¹ Joseph Fletcher. Moral Responsibility: Situation Ethics (Philadelphia: Westminster Press, 1967), pp. 27-28; Robert Springer, Conscience, Behavioral Science, and Absolutes, in Absolutes in Moral Theology, ed. Charles Curran (Washington, D.C.: Corpus Publications, 1968); Paul Ramsey, Deeds and Rules in Christian Ethics (New York: Charles Scribners Sons, 1967), pp. 104-22.
² Note the varied interpretations of (and thus responses to) Fletchers notion of situation ethics in Harvey Co, ed., The Situation Ethics Debate (Philadelphia: Westminster Press, 1968), pp. 23-49.
³ Ramsey (n. 1 above), p. 20, n. 20.
T. J. Bachmeyer is assistant professor of theology and personality science at St. Francis School of Pastoral Ministry, Milwaukee, Wisconsin.
Sociocultural Speciation and Human Aggression by Mihaly Csikszentmihalyi
The subject of human aggression has been a recurrent topic in the literature of the behavioral sciences,¹ but it was not until ethologists² and their popularizers³ began reformulating the question that aggression became one of the most controversial issues in the field of the studies of man. Despite all the concern, so far the controversy has generated more heat than light. In general, ethologists claim that aggression is a universal behavioral trait in the animal kingdom and that it has potentially positive survival value for man. The proponents of this position like to dispose of those who disagree with them as naive modern American optimists,⁴ while their critics hint that the ethological position leads to a reactionary, fascist attitude toward human relations.⁵ The fact is that the study of aggression at the human level almost inevitably leads to evaluative implications, and once that point is reached objectivity is difficult to maintain.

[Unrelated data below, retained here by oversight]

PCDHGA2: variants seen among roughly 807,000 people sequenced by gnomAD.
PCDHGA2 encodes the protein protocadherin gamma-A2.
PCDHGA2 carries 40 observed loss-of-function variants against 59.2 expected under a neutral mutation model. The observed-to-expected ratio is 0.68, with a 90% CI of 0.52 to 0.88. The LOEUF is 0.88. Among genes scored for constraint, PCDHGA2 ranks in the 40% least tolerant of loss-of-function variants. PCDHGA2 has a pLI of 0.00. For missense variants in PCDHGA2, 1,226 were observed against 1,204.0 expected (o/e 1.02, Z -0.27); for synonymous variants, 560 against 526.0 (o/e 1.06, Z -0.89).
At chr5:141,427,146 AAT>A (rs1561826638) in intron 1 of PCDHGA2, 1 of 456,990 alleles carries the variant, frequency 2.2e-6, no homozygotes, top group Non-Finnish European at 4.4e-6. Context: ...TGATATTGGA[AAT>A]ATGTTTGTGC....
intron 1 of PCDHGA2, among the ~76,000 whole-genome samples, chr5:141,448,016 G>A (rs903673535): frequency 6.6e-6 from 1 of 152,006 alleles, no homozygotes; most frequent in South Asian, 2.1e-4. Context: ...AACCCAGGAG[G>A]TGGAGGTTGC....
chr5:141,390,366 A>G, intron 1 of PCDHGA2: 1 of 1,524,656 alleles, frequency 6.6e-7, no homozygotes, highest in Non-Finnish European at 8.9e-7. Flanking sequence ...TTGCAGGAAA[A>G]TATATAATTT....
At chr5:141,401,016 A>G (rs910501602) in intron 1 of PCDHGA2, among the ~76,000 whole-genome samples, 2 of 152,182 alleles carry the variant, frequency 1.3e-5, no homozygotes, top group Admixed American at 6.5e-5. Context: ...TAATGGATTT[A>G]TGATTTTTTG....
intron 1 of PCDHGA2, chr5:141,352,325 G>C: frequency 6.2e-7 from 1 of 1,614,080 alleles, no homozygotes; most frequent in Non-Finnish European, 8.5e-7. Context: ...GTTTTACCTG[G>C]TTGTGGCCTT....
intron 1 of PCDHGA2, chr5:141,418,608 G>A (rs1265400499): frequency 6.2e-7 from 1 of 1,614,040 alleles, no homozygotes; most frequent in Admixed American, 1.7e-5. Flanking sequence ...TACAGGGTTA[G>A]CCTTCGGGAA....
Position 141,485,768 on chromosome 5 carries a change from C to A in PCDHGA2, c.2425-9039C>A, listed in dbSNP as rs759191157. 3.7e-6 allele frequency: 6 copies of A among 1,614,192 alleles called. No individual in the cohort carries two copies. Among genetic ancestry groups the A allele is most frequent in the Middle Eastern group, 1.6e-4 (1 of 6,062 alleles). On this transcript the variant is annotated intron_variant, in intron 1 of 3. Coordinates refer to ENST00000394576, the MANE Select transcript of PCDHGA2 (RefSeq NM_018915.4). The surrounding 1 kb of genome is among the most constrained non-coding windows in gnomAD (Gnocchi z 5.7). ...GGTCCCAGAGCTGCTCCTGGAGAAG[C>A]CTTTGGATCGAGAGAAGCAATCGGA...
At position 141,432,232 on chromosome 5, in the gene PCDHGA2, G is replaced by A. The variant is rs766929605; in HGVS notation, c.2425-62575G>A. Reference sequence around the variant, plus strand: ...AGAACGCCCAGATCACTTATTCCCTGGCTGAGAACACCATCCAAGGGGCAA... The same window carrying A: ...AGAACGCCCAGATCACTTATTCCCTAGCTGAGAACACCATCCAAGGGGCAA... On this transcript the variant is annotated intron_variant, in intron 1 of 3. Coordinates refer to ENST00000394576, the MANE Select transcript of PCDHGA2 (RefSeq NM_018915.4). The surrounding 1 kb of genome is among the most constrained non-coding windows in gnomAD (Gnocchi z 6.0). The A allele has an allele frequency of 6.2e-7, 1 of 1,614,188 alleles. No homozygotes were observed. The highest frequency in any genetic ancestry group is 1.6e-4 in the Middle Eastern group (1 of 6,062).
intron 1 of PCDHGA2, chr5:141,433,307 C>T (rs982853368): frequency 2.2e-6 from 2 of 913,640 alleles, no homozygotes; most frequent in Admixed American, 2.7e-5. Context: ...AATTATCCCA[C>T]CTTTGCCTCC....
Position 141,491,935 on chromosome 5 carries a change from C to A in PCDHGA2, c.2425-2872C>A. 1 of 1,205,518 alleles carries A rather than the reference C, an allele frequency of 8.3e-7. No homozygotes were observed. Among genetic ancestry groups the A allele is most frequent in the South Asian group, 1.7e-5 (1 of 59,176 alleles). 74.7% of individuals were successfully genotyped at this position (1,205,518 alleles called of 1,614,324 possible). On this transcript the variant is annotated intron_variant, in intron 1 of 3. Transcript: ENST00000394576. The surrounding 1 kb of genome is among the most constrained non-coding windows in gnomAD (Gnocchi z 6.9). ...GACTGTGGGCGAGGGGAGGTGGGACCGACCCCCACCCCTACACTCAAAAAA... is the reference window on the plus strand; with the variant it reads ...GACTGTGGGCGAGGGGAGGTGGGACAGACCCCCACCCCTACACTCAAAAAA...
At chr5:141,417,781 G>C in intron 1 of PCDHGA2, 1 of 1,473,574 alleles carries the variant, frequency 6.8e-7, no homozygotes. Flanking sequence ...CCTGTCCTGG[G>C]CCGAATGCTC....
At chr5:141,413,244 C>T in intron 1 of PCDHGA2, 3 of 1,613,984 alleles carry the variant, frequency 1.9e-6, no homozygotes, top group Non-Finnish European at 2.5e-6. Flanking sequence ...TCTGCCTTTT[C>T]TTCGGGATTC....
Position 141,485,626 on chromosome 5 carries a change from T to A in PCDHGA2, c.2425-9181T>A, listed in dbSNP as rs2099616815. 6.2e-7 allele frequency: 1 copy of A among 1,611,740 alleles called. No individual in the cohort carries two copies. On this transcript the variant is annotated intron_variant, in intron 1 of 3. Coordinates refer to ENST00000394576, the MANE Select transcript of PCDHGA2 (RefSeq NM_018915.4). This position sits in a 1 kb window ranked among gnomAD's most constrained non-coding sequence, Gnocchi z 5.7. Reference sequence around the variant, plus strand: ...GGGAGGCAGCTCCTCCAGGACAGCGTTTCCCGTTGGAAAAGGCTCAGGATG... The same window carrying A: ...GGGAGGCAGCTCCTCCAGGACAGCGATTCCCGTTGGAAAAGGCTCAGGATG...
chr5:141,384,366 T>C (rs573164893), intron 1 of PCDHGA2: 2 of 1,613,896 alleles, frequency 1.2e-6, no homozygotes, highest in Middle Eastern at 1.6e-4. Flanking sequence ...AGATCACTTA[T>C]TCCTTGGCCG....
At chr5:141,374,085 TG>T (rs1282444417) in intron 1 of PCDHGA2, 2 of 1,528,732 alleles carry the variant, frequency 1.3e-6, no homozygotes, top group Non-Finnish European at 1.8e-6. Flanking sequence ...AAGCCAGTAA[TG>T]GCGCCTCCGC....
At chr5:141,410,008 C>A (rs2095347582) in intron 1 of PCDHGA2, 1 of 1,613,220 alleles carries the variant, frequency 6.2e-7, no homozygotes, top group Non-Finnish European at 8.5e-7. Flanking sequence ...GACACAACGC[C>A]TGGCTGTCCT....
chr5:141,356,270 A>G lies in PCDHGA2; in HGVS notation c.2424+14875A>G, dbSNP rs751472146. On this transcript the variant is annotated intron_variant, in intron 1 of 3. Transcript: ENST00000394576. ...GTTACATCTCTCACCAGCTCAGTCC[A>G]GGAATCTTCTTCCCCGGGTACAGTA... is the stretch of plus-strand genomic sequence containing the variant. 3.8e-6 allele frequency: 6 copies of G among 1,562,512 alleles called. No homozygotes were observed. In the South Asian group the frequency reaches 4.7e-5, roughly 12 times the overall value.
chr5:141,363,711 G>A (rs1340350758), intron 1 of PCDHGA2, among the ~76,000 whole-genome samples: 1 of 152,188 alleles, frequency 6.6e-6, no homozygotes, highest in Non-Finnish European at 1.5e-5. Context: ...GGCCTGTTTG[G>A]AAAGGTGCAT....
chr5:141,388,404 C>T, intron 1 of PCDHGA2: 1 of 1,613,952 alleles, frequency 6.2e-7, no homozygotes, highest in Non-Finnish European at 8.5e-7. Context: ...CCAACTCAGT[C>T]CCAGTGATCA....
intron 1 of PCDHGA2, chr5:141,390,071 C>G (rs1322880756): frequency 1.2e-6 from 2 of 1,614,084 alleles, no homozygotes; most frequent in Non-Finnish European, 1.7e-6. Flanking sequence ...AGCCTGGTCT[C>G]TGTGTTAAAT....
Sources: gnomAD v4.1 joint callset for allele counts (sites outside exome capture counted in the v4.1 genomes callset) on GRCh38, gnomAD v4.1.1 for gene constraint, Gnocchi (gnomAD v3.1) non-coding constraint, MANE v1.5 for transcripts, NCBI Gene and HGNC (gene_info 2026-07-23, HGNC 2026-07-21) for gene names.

The goal of this paper is not to participate in this controversy, except perhaps indirectly. What will be attempted is a clarification of one of the central theses of the ethologists, which will hopefully lead to a better understanding of the dynamics of aggression among human beings. …
¹ See L. F. Richardson, Statistics of Deadly Quarrels (London: Stevens & Sons, 1960); A. H. Buss, The Psychology of Aggression (New York: John Wiley & Sons, 1961); L. Berkowitz, Aggression: A Social Psychological Analysis (New York: McGraw-Hill Book Co., 1962).
² J. D. Carthy and F. J. Ebling, eds., The Natural History of Aggression (London: Academic Press, 1964); Konrad Lorenz, On Aggression (New York: Harcourt, Brace & World, 1966).
³ R. Ardrey, African Genesis (New York: Atheneum Publishers, 1961), and The Territorial Imperative (New York: Atheneum Publishers, 1966); Desmond Morris, The Naked Ape (New York: McGraw-Hill Book Co., 1967), and The Human Zoo (New York: McGraw-Hill Book Co., 1969); A. Storr, Human Aggression (New York: Atheneum Publishers, 1968); Arthur Koestler, The Place of Value in a World of Facts (paper delivered at the Fourteenth Nobel Symposium, Stockholm, September 1969).
⁴ Storr, p. 18.
⁵ M. F. A. Montagu, ed., Man and Aggression (New York: Oxford University Press, 1968), pp. 57, 64, 90.
Mihaly Csikszentmihalyi is associate professor of human development in the Committee on Human Development and in the College, University of Chicago.
The Brains Generation Gap: Some Human Implications by Paul D. MacLean